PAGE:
Revenue for national and local television sales fell 4.6 percent to $161.9 million. In this Congressional-election year, if political spending is added in, ad revenues will have increased 1.6 percent to $174.8 million.
Hearst-Argyle saw an 11 percent decline for the quarter in the auto category, which accounted for 27 percent of ad revenues. "That's a tough hurdle to overcome," said President-CEO David Barrett, who suggested things would improve with General Motors boosting spending over the remainder of the year.
Barrett spoke on a conference call with analysts to announce the second-quarter results.
Also contributing to the slowdown, he said, were weak prime-time ratings at the NBC network, which hurt local sales at some of the company's ten NBC affiliates (it's the second-largest NBC affiliate group).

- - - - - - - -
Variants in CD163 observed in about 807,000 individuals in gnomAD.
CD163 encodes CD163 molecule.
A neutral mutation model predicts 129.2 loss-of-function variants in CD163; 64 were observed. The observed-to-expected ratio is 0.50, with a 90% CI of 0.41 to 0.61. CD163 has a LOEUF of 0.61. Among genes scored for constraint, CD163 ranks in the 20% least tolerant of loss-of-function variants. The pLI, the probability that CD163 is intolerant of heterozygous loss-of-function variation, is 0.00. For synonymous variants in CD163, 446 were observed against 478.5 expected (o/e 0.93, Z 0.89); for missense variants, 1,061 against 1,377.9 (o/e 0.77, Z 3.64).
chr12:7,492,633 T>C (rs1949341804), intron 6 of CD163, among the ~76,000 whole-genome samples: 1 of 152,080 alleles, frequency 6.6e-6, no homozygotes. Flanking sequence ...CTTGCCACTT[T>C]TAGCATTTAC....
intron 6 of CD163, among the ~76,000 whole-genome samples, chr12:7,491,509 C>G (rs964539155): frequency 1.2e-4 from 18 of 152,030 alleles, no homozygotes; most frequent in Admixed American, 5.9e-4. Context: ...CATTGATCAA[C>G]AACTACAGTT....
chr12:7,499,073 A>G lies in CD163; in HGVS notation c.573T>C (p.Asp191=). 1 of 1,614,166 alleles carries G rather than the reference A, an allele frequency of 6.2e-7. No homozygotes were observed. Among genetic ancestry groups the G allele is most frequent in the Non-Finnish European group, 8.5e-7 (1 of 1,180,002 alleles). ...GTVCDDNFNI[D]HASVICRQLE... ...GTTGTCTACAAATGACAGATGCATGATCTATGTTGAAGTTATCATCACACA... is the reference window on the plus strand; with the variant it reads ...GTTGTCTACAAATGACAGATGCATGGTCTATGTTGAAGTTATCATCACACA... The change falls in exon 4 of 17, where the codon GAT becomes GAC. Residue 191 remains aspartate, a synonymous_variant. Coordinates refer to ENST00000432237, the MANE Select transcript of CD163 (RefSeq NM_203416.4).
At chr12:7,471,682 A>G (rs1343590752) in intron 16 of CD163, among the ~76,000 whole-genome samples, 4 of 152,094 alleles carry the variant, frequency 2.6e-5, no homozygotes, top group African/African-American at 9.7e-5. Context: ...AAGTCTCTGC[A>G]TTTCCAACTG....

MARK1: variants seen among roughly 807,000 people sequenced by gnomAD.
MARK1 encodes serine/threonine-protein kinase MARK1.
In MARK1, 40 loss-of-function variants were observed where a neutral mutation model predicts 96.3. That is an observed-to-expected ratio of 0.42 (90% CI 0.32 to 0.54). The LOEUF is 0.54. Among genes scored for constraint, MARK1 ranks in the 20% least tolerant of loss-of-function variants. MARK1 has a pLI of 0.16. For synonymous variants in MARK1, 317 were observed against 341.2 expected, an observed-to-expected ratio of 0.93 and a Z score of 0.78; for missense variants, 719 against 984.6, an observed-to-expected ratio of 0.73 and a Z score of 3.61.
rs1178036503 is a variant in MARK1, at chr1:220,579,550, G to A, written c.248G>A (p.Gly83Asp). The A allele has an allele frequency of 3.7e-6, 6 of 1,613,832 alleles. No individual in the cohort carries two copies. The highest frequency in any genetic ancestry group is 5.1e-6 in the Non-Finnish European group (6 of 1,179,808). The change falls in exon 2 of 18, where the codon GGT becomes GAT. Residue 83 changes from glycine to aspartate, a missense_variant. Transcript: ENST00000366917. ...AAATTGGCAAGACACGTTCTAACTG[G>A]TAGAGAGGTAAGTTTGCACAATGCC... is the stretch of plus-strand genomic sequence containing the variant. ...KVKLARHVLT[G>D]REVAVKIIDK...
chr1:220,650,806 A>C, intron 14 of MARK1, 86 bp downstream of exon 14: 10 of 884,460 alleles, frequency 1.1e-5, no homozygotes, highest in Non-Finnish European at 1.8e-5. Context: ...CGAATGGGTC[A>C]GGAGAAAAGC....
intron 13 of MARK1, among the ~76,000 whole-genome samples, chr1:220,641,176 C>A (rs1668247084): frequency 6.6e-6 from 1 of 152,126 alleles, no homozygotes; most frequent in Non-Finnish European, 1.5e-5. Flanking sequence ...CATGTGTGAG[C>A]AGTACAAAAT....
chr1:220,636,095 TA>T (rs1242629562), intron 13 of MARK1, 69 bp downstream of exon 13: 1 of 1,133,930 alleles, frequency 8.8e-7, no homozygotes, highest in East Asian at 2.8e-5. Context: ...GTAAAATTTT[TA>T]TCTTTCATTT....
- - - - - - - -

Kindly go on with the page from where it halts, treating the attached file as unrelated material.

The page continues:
In other categories, Barrett said package goods and pharmaceuticals decreased, along with movies--although this was the result of a sharp drop at just one of Hearst-Argyle's stations.
The retail, financial services, and telecommunications categories saw increases, Barrett said.
One bright spot was a significant jump in digital revenues--a major point of emphasis for the company as it looks for new revenue streams amid an industry slowdown for local television sales. Digital revenues increased from $85,000 a year ago to $3.4 million this year.
Earlier this month, Hearst-Argyle announced that Eric Koepele, formerly of CNET, joined the company as director of digital media sales. Barrett said the company would look to invest more in its digital businesses, including in the hiring of "more talented salespeople."
Thanks in large part to a new carriage deal with EchoStar in which it negotiated along with cable network Lifetime (50 percent owned by parent Hearst Corp.), retransmission-consent revenue grew 230 percent to $8.6 million for the first half of 2006.